People exchanged ostrich eggshell beads over long distances in Africa for a longer period of time than previously thought, according to the new research.
A clump of grass grows on an outcrop of shale 33,000 years ago. An ostrich pecks at the grass, and atoms taken up from the shale and into the grass become part of the eggshell the ostrich lays.
A member of a hunter-gatherer group living in southern Africa’s Karoo Desert finds the egg. She eats it, and cracks the shell into dozens of pieces. Drilling a hole, she strings the fragments onto a piece of sinew and files them into a string of beads.
She gives the ornaments to friends who live to the east, where rainfall is higher, to reaffirm those important relationships. They, in turn, do the same, until the beads eventually end up with distant groups living high in the eastern mountains.
Thirty-three thousand years later, a researcher finds the beads in what is now Lesotho, and by measuring atoms in the beads, provides new evidence for where these beads were made, and just how long hunter-gatherers used them as a kind of social currency.
“Humans are just outlandishly social animals, and that goes back to these deep forces that selected for maximizing information, information that would have been useful for living in a hunter-gatherer society 30,000 years ago and earlier,” says Brian Stewart, assistant professor of anthropology and assistant curator of the University of Michigan’s Museum of Anthropological Archaeology.
“Ostrich eggshell beads and the jewelry made from them basically acted like Stone Age versions of Facebook or Twitter ‘likes,’ simultaneously affirming connections to exchange partners while alerting others to the status of those relationships.”
Lesotho is a small country of mountain ranges and rivers. It has the highest average of elevation in the continent and would have been a formidable place for hunter-gatherers to live, Stewart says. But the fresh water coursing through the country and belts of resources, stratified by the region’s elevation, provided protection against swings in climate for those who lived there, as early as 85,000 years ago.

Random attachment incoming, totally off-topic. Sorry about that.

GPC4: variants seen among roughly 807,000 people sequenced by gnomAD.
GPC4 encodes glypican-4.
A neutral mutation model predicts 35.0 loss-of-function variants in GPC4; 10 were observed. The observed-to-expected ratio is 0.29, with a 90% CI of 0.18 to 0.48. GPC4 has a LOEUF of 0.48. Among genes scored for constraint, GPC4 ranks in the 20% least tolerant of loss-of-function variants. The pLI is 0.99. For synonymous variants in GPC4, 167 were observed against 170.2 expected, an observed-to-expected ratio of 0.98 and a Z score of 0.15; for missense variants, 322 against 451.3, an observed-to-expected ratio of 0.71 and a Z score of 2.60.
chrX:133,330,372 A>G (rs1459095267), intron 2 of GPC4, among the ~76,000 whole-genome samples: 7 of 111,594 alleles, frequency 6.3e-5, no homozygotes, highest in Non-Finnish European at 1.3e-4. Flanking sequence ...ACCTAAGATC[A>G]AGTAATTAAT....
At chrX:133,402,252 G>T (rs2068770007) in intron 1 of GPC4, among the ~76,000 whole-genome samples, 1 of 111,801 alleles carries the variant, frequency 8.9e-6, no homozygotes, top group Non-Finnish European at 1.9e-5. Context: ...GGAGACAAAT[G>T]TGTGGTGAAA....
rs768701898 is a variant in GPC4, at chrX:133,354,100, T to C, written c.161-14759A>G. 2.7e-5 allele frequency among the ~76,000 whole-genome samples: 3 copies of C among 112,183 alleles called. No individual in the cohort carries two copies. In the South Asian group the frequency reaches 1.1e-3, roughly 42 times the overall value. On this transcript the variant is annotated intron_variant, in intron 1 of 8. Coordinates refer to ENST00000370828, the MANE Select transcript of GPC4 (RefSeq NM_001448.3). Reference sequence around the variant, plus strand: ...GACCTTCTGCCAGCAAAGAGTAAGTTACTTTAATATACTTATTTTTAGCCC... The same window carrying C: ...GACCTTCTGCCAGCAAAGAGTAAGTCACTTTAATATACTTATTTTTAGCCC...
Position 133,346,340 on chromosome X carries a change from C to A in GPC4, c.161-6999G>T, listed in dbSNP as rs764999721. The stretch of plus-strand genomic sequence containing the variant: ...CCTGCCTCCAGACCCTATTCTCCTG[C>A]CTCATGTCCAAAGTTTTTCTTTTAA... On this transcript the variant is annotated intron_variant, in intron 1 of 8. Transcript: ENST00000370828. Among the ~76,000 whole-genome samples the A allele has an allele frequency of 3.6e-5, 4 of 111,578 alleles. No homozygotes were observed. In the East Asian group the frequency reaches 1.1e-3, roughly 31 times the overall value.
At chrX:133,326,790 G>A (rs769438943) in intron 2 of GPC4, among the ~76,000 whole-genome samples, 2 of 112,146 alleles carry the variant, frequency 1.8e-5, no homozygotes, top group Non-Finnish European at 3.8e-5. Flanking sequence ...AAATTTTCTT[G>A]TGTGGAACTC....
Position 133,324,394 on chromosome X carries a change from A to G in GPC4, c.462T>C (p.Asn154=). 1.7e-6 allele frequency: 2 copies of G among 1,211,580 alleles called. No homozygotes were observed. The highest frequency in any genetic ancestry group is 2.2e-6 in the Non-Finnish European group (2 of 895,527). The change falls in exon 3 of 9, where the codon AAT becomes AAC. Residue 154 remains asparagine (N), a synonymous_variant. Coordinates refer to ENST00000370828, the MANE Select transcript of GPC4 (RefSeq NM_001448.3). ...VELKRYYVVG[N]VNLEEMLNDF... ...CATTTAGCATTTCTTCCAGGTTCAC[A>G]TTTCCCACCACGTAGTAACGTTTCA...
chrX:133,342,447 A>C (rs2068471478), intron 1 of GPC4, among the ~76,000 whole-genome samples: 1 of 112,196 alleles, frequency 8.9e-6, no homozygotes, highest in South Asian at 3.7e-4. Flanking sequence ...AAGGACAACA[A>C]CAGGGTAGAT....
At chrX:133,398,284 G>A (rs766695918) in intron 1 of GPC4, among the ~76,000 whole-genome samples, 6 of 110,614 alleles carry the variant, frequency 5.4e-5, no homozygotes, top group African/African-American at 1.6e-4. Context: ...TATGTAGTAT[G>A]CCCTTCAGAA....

Anthropologists have long known that contemporary hunter-gatherers use ostrich eggshell beads to establish relationships with others. In Lesotho, archeologists began finding small ornaments made of ostrich eggshell. But ostriches don’t typically live in that environment, and the archeologists didn’t find evidence of those ornaments being made in that region—no fragments of unworked eggshell, or beads in various stages of production.
So when archeologists began discovering eggshell beads without evidence of production, they suspected the beads arrived in Lesotho through these exchange networks. Testing the beads using strontium isotope analysis would allow the archeologists to pinpoint where they were made.
Strontium-87 is the daughter isotope of the radioactive element rubidium-87. When rubidium-87 decays it produces strontium-87. Older rocks such as granite and gneiss have more strontium than younger rocks such as basalt. When animals forage from a landscape, these strontium isotopes are incorporated into their tissues.
Lesotho is roughly at the center of a bullseye-shaped geologic formation called the Karoo Supergroup. The supergroup’s mountainous center is basalt, from relatively recent volcanic eruptions that formed the highlands of Lesotho. Encircling Lesotho are bands of much older sedimentary rocks. The outermost ring of the formation ranges between 325 and 1,000 kilometers (about 202-621 miles) away from the Lesotho sites.
To assess where the ostrich eggshell beads were made, the research team established a baseline of strontium isotope ratios—that is, how much strontium is available in a given location—using vegetation and soil samples as well samples from modern rodent tooth enamel from museum specimens collected from across Lesotho and surrounding areas.
According to their analysis, nearly 80% of the beads the researchers found in Lesotho could not have originated from ostriches living near where the beads were found in highland Lesotho.
“These ornaments were consistently coming from very long distances,” Stewart says. “The oldest bead in our sample had the third highest strontium isotope value, so it is also one of the most exotic.”
Networks for weathering tough times
Stewart found that some beads could not have come from closer than 325 kilometers (202 miles) from Lesotho, and may have been made as far as 1,000 kilometers (621 miles) away. His findings also establish that these beads were exchanged during a time of climactic upheaval, about 59,000 to 25,000 years ago. Using these beads to establish relationships between hunter-gatherer groups ensured one group access to others’ resources when a region’s weather took a turn for the worse.
“What happened 50,000 years ago was that the climate was going through enormous swings, so it might be no coincidence that that’s exactly when you get this technology coming in,” Stewart says. “These exchange networks could be used for information on resources, the condition of landscapes, of animals, plant foods, other people, and perhaps marriage partners.”
Stewart says while archeologists have long accepted that these exchange items bond people over landscapes in the ethnographic Kalahari, they now have firm evidence that these beads were exchanged over huge distances not only in the past, but for over a long period of time. This study places another piece in the puzzle of how we persisted longer than all other humans, and why we became the globe’s dominant species.
The paper appears in the Proceedings of the National Academy of Science. Additional coauthors are from the University of Michigan, the University of Oxford, and the University of Toronto Scarborough.
Source: University of Michigan